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Thread: Dr. Douglas Kerr - Stem cells regrow damaged nerves in rats: study

  1. #81

    Timelines...

    As Dr. Young has told us about a million times, no one can give a specific date with any accuracy but things are changing and at least there are laboratories who are putting out timelines which probably wasn't the case just a few years ago. I know it's not as fast as any of us would like, and may not be happening in the US but at least it's happening.

    I am attaching a PDF that I received a while back regarding Dr. McDonald's NTT project in Colombia, South America. It has a specific timeline on the last page which is pretty bold. In my opinion, this timeline is lightspeed compared to most and this is a project we should all be trying to help move forward.

  2. #82
    Senior Member artsyguy1954's Avatar
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    Thumbs up

    I am attaching a PDF that I received a while back regarding Dr. McDonald's NTT project in Colombia, South America. It has a specific timeline on the last page which is pretty bold. In my opinion, this timeline is lightspeed compared to most and this is a project we should all be trying to help move forward.[/quote]

    This is indeed exciting news, or at least exciting news to me. I wasn't familiar with Dr. McDonald's work in Colombia yet. Thanx, Carl
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  3. #83
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    Quote Originally Posted by artsyguy1954
    This is indeed exciting news, or at least exciting news to me. I wasn't familiar with Dr. McDonald's work in Colombia yet. Thanx, Carl
    Here is a thread; http://sci.rutgers.edu/forum/showthread.php?t=60954

  4. #84
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    A little bit more regarding the thread here; http://www.voanews.com/english/2006-06-22-voa40.cfm

  5. #85
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    And some more;

    http://www.bestsyndication.com/Artic...d_injuries.htm

    I don't think the paper is ready yet for the July issue online.
    Last edited by Leif; 06-23-2006 at 10:19 AM.

  6. #86

    Rats walk but money waits

    NEW YORK (CNNMoney.com) - Paralyzed rats are walking again, thanks to a new stem cell treatment; that's big news for the medical community ... and a 10-year wait for anybody wanting to make a buck off it.

    Dr. Douglas Kerr, assistant professor of neurology at Johns Hopkins Hospital in Baltimore, used experimental stem cell technology to successfully repair lab rats' damaged spines, restoring mobility to their legs.

    If scientists are able to repeat this success in humans, stem cells could eventually be used to help paralyzed patients walk again, even in cases where spinal cords are severed by motorcycle accidents, sports injuries or war wounds. Kerr's experiment gives hope to a broad range of therapies for the rebuilding of kneecaps, brain cells, and even the pancreas in diabetics. Stem cells are being considered as treatments for multiple sclerosis and brain damage, and diseases like Lou Gehrig's, Alzheimer's and Parkinson's.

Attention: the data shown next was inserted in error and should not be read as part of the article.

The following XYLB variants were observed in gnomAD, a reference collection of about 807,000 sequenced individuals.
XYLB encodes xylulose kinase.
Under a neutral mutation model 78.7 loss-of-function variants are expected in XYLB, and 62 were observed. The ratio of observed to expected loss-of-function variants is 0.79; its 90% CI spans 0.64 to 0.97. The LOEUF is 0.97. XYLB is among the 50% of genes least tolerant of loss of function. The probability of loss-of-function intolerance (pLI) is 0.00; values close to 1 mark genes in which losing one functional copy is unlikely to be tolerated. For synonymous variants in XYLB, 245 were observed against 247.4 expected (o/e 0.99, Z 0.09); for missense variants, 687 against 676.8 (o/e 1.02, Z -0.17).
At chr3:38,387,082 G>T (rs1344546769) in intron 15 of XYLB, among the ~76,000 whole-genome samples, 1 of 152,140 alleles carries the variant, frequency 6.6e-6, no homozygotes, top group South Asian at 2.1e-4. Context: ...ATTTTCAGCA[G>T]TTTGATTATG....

Geron Corp. (down $0.13 to $6.25, Charts), StemCells Inc. (down $0.03 to $1.94, Charts), Aastrom Biosciences Inc. (down $0.05 to $1.18, Charts) and ViaCell, Inc. (down $0.10 to $4.28, Charts) are some of the lead biotechs in stem cell research, but analysts say that it's going to take years before they're able to turn recent breakthroughs into revenue.

    "People get excited when there are scientific advancements like this, and you need that excitement to get investors interested in companies like these," said Ben Weintraub, analyst for Noble Financial Group. "But they need to understand that translating an advance like that from preclinical study into human medicine is a process that takes at least 10 years."

    The money-making question for analysts is not just when, but how. Stem cell companies are not like Big Pharma, or even other biotechs, that make and sell drugs. These companies would probably use their technology in conjunction with a patient's own cells in order to treat them.

    "The other important thing that investors need to realize is that the business model for stem cell companies is still a bit of an enigma," said Weintraub. "The business model of selling someone their own cells is still uncertain. It's not like a drug that you can sell someone for $40,000 a year."

    StemCells is working on "off the shelf" stem cells that could be stored and sold to patients, said Weintraub. "That's a little bit clearer business model [compared to its competitors,] but the worry is that someone else's cells off the shelf are not going to be as good as your own," he said.

    Steve Brozak, analyst for WBB Securities, said that Geron is the strongest company in the stem cell business because it has done the best job of protecting its developments through patents. But there's also the issue of international competitiveness. Brozak is concerned that American companies haven't done enough to research these emerging technologies and will soon be swept under by foreign competitors, who could be making discoveries unknown to us.

    "The one thing we have to fear is what's going on overseas," said Brozak. "While the U.S. companies are sleeping, what [international] private or state enterprises are advancing stem cell research?"

    But stem cell research, along with the overall abortion debate, is a controversial subject in the United States. This friction often surfaces in questions of federal funding. That, analysts argue, puts U.S. research efforts at a disadvantage to overseas competition.

    Brozak said the U.S. government's lack of enthusiasm in getting up to speed with stem cell technologies isn't doing any favors for patients or biotechs.